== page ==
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Don't call it a comeback...

Many automotive enthusiasts have been lamenting the fact that automakers are starting to shy away from the manual transmission. Most automakers cite that take rates for manual transmissions are in steady decline. This is due to several factors, one of which being that many modern automatic transmissions now get better fuel economy than manual transmissions thanks to having more forward gears.
 
Some sports car companies are sticking with the manual transmission and are actually adding gears, such as Porsche. Porsche unveiled a seven-speed manual transmission for its sports cars not long ago.
 
While Porsche is sticking with the manual transmission, BMW has announced that it is axing the manual as an option for its M5 and Audi has discontinued manual transmissions in some of its vehicles in Europe.
 
According to Edmunds.com, the manual transmission has made a slight comeback this year. According to statistics put together by the website, 7% of all new cars sold in 2012 are equipped with manual transmissions. That is a massive decline from 20 years ago when one out of every four cars sold had a manual transmission. However, 7% is much higher than the 3.9% take rate for manual transmissions last year. 2012 is on track to be the year with the highest rate for manual transmission vehicle purchases since 2006.
 
"A combination of factors - from the growing age of vehicle trade-ins bringing more manual drivers back to market, to a greater proportion of smaller cars on the road - is creating a small spike for stick shifts," says Edmunds.com Industry Analyst Ivan Drury. "But even though manual cars are on the rise now, they're on track to be virtually extinct in the next 15 to 20 years."
 
Edmunds.com also reports that 64% of all 2012 model year vehicles are only offered with automatic transmissions. Ten years ago, the number of vehicles that weren't available with the manual transmission was must lower at 48%.
 
It's worth noting that some sports cars are only offered with manual transmissions, including the Audi TT RS, Aston Martin V12 Vantage, Fiat 500 Abarth, Ford Shelby GT500, MazdaSpeed 3, and Volkswagen Golf R.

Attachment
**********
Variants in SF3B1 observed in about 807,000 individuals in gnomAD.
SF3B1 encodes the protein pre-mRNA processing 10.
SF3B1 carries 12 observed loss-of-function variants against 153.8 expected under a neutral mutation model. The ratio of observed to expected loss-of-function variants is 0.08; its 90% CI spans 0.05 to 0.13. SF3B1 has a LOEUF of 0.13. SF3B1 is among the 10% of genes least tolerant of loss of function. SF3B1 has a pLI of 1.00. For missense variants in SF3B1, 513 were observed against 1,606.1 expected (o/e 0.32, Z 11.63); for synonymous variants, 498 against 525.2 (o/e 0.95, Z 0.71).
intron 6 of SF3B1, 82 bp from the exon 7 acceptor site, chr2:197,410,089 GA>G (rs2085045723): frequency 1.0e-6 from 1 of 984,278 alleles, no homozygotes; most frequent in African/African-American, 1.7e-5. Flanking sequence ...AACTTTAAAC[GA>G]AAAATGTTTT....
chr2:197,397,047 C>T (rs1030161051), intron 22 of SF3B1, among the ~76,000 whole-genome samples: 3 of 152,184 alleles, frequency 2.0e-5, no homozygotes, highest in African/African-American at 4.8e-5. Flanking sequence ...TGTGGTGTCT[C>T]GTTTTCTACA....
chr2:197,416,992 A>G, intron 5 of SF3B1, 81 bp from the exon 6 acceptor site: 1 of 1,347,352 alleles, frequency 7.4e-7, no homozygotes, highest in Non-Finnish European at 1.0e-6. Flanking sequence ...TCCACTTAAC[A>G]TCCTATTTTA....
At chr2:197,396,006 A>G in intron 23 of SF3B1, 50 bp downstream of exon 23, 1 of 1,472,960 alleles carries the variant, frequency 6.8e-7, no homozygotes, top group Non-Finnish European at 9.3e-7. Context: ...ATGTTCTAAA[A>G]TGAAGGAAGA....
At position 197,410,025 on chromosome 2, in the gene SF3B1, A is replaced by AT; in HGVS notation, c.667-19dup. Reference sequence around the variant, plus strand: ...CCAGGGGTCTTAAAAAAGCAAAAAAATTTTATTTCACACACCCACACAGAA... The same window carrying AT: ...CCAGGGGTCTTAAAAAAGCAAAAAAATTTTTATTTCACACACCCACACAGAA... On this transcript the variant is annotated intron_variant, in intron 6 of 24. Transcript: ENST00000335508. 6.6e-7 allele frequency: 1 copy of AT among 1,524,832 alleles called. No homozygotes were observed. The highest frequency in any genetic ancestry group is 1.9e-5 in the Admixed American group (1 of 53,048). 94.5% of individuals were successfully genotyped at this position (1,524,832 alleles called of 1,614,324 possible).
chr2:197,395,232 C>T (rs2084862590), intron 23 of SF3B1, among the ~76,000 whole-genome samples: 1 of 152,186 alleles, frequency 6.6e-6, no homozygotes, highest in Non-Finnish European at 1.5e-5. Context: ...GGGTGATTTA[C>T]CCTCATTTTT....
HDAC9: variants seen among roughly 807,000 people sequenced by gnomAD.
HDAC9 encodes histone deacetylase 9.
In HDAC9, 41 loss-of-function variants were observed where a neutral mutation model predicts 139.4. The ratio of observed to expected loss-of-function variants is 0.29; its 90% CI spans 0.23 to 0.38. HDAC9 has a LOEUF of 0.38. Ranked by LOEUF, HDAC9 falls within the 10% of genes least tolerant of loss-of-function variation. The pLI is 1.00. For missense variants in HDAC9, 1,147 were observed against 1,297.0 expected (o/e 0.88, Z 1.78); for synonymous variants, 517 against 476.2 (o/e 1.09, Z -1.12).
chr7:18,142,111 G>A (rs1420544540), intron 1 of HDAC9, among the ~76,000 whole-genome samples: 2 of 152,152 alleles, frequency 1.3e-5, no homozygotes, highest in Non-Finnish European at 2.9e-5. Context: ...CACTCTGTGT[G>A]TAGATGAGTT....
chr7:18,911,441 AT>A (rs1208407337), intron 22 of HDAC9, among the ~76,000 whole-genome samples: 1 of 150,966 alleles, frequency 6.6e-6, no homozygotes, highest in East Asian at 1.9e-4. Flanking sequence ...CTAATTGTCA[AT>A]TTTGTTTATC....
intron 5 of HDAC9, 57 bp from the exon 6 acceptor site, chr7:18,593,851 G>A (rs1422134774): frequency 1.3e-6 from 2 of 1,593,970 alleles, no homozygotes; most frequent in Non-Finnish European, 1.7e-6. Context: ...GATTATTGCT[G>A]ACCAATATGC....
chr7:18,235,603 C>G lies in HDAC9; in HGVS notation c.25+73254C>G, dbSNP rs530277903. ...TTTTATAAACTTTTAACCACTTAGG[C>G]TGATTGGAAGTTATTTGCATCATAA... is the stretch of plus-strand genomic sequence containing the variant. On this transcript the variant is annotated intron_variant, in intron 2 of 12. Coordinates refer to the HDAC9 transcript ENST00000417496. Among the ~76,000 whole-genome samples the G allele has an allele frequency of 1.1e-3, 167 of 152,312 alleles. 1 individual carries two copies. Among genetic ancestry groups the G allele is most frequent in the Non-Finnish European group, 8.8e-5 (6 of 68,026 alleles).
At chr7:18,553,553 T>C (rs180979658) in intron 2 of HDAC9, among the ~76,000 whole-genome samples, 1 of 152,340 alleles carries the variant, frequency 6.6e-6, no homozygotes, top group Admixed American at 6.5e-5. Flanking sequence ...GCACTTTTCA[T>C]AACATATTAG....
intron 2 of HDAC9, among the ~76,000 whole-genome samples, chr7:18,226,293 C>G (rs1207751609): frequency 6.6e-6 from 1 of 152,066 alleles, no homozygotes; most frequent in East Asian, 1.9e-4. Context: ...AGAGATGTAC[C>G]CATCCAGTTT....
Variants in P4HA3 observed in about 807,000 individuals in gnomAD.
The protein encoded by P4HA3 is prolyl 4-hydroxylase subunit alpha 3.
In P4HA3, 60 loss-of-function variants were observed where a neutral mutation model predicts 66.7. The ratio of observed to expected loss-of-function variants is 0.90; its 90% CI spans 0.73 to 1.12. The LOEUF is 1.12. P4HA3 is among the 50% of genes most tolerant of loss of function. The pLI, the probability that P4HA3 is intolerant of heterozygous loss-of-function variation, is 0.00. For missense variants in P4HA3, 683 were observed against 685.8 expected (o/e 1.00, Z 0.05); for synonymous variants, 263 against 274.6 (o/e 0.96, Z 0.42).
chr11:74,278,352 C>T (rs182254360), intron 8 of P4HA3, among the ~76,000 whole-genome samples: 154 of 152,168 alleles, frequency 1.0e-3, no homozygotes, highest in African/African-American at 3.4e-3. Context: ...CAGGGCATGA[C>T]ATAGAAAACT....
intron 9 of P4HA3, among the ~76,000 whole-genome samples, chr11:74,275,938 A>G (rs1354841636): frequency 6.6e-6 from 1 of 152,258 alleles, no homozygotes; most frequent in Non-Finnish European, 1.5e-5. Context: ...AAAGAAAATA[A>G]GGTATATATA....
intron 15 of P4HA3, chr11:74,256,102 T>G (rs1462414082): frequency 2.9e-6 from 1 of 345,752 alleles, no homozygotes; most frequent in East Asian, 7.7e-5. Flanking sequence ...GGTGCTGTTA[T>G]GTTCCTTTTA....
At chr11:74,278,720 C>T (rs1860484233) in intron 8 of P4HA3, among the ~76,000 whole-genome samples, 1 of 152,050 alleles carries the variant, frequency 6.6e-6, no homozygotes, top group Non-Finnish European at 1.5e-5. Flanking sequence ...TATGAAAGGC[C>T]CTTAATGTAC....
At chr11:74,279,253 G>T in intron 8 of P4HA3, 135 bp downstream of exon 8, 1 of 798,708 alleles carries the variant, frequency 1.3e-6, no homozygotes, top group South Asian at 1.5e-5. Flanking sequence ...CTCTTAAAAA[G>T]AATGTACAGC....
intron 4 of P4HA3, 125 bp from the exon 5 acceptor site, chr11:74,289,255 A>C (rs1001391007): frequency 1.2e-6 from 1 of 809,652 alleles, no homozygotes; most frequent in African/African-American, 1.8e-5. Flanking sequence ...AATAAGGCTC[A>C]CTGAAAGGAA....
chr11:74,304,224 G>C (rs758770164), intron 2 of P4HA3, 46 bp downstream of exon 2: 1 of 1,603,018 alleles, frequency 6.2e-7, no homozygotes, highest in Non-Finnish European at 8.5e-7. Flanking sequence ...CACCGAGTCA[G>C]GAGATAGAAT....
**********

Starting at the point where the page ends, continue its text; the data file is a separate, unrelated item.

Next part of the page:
Source: MarketWatch



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RE: Not much point really.
By quiksilvr on 8/2/2012 10:11:24 AM , Rating: 2
Why do you need a manual in cities? To go 25-35 mph on one way streets, stopping at red lights every block and driving in a straight line?

Manuals no longer give the fuel efficiency benefits. It may give better acceleration and performance benefits, but automatic is closing the gap in this area as well.


RE: Not much point really.
By dbeers on 8/2/2012 10:26:47 AM , Rating: 1
Not true - manual transmissions will always get better economy given you are always getting higher efficiency of power transfer over an automatic since you're directly driving gears as opposed to a hydraulic pump and torque converter setup which only achieve similar efficiency when they lock up mostly above 45MPH or in OD.

Unfortunately too many people are lazy or just don't know how to drive a stick, and dealers often won't order manual transmission cars on their lots (due to reason #1). I wanted a manual last year when I bought my Escape, but couldn't find any locally in stock when I needed to buy, and didn't have the time to wait to special order like I did for my previous truck. Also, many makes & models are not available above a certain trim level or engine combos with a stick, often relegating it to the basic economy models/levels.

I'd much rather shift my own gears, not to mention pay less up front for the cost and eventual hefty repair bills on the automatics. On my Ranger it was $1000 more for the auto over a stick.


RE: Not much point really.
By mellomonk on 8/2/2012 11:34:50 AM , Rating: 2
Sorry, but you are a little out of touch with modern automatics. The ability of the electronics to act in tandem with the engine management and timing as well as react to the dynamics of any given moment is making them very efficient overall, for the average driver. The coup de grace is 6, 7, 8, and even 9 speed automatics as well as the ever improving CVTs. The range of drive ratios available in an 8 speed 'slushbox' makes up for more and more of the losses when the torque converter is not locked up. They react faster and more intelligently then the average driver. The future of efficiency is in intelligent 6+ speed autos, CVTs, and 6+ speed DCTs.

I am a firm believer in manual trans and have never actually owned an automatic. My daily driver is a Wolfsburg Jetta with 6 speed manual. But as an enthusiast it is clear which way the world is going. Many high end performance autos can only be purchased with DCTs, and manuals are pretty much a non-entity in anything that pulls a load. Now as to the complexity and durability of these intelligent trans......much remains to be seen.